Adequate, accessible parking is key to the economic health of downtown Steamboat Springs.
As such, we support the recommendations made by a parking focus group and approved last week by the Steamboat Springs City Council. But we also would recommend that additional parking, specifically a multilevel parking garage, be incorporated into any long-term parking plan.
A focus group has been meeting for nearly a year to discuss downtown parking. On Tuesday, the City Council unanimously voted to endorse the group's plan which included reducing the number of eight-hour parking spaces and converting them to four-hour, two-hour and 15-minute spaces; increasing year-round parking enforcement in the downtown area; and adding a traffic light at 11th Street and Lincoln Avenue.
Reducing eight-hour spaces is aimed primarily at downtown employees. A study done in 1999 showed that of the 2,807 parking spaces downtown, employees used 1,800 of those spaces. By reducing the time cars are permitted to park in prime spaces, the focus group hopes to reserve those spots for downtown customers instead of employees.
The parking group also discussed encouraging employees to park at Howelsen Hill or use the Stock Bridge Multi-Modal Transit Center west of town. Such suggestions make sense -- downtown businesses must keep as many parking spaces as possible clear for customers. But we are not convinced the suggestions are realistic -- employees likely will continue to seek spots that keep their vehicles as close as possible to where they work.
Besides, those recommendations seem to ignore a key point: downtown employees also are downtown customers -- people who regularly spend their wages at Lincoln Avenue stores and restaurants. Simply moving them farther from the center of the commercial district doesn't solve the problem. Space is needed for them as well as people who visit downtown strictly to spend money rather than earn it.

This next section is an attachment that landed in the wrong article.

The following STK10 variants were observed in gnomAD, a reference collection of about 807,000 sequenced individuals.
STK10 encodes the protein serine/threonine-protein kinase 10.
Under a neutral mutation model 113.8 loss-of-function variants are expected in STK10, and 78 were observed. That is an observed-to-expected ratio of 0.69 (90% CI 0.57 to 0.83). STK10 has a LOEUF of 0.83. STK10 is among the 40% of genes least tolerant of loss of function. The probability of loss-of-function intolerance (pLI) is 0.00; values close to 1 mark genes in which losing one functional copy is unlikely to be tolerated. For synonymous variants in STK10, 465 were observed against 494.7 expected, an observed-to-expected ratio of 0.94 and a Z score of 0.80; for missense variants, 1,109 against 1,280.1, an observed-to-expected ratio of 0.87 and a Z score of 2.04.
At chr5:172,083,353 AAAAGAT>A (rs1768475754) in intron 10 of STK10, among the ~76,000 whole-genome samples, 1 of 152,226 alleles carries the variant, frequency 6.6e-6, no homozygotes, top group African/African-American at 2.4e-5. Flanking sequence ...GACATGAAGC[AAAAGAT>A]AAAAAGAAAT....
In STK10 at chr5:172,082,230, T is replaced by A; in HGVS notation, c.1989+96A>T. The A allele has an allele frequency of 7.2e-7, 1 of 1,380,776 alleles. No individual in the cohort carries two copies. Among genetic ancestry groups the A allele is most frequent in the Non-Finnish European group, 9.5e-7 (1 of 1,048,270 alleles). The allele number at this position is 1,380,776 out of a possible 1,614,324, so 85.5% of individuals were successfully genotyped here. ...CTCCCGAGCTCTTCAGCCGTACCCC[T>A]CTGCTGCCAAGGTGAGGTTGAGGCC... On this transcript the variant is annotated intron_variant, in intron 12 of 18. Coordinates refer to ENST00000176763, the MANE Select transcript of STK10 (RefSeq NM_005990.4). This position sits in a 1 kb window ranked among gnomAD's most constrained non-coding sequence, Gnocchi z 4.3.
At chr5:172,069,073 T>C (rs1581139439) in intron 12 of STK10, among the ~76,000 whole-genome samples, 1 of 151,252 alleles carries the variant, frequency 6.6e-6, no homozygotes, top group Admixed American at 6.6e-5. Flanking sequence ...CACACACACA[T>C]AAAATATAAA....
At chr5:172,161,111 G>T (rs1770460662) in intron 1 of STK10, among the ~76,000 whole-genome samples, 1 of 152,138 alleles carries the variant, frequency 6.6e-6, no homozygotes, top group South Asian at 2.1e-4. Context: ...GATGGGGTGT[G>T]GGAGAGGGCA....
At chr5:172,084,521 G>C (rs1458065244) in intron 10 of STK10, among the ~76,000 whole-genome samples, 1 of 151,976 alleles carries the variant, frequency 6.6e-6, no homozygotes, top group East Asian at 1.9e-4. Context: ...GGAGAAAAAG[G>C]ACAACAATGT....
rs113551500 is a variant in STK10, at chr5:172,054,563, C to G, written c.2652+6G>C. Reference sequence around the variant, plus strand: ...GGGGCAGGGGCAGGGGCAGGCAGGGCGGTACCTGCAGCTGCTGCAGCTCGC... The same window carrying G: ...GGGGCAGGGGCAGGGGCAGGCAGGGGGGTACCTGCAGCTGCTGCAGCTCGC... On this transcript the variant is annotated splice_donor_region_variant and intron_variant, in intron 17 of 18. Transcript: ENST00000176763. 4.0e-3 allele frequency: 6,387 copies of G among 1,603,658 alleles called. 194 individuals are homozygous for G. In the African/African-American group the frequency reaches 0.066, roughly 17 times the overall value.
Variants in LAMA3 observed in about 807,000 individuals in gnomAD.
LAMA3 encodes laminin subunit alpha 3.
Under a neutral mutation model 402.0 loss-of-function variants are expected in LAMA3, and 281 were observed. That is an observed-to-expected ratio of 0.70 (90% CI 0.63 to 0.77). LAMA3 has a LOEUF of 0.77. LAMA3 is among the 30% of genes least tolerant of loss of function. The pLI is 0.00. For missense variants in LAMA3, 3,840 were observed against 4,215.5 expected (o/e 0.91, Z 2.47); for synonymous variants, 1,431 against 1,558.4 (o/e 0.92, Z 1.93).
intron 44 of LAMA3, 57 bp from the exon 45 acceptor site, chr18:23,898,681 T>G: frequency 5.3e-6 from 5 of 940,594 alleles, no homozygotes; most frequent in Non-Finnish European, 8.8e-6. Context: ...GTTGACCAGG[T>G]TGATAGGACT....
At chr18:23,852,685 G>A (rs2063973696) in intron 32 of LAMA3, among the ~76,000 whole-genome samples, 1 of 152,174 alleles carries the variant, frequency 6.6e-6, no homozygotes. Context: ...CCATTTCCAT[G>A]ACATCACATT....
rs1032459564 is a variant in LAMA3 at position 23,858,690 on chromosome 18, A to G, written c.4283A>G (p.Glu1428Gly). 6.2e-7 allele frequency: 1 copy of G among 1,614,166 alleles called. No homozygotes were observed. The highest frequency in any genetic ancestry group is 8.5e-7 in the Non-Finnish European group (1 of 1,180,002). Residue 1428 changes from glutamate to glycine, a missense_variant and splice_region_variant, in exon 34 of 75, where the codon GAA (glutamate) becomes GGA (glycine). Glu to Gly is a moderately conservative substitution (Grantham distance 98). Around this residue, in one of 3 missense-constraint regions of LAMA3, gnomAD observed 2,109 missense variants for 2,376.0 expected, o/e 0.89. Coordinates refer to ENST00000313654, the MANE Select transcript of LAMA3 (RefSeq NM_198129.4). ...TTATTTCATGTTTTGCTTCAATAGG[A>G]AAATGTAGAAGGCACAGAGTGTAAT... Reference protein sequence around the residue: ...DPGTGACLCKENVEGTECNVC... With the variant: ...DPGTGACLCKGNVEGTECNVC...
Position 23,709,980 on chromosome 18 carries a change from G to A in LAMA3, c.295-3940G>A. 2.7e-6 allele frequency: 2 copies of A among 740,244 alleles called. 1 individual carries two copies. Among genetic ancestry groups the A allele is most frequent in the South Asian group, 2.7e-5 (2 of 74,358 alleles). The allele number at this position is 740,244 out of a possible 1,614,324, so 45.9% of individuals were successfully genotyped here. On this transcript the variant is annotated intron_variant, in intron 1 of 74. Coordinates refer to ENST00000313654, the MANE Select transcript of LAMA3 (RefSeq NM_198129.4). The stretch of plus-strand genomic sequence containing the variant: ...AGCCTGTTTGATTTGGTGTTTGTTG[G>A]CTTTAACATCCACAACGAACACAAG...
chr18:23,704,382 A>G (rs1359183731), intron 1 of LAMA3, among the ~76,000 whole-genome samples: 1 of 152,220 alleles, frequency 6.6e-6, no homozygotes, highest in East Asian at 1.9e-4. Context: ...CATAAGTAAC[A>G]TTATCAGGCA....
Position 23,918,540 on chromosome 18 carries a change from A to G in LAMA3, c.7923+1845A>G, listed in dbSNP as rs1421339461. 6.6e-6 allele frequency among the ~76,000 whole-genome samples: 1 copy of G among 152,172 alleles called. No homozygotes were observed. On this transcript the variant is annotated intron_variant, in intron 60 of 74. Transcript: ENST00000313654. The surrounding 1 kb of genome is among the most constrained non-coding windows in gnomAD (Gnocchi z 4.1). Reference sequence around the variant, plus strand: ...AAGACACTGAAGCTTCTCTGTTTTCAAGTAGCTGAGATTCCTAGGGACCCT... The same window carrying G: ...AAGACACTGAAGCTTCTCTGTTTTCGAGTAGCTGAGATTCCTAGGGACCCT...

Also, the Multi-Modal Transit Center may be a good idea in theory but, so far, it has not proven to be practical for visitors, residents or downtown employees. A small fraction of the 145 spaces at the center are used regularly. A vast majority of the spaces sit empty most of the time.
The focus group calculated that a lack of parking to accommodate employees and shoppers costs downtown businesses up to $65 million per year. That number is likely to increase with the addition of new shopping centers -- with plenty of convenient parking -- east of town. Maintaining the vibrancy of the downtown area demands a parking plan that combats such potential losses.
Significant additional parking must be created to solve the problem. Yes, we recognize that the cost to add a multi-level garage with 200 spaces likely will exceed $10 million. But, as the Local Marketing District and the urban renewal authority prove, there are creative options for financing such parking. And if the lack of parking is costing businesses even a tenth of what the focus group estimated, a parking garage would pay for itself in less than two years.
Downtown Steamboat is one of this community's greatest assets, and the success of the stores is critical to our sales-tax funded city. We applaud efforts of the parking focus group. But if we really want to enhance the commercial viability of our downtown area, then we should be looking for ways to add significantly more parking for potential customers. We think this is a case where, if we build it, they will come.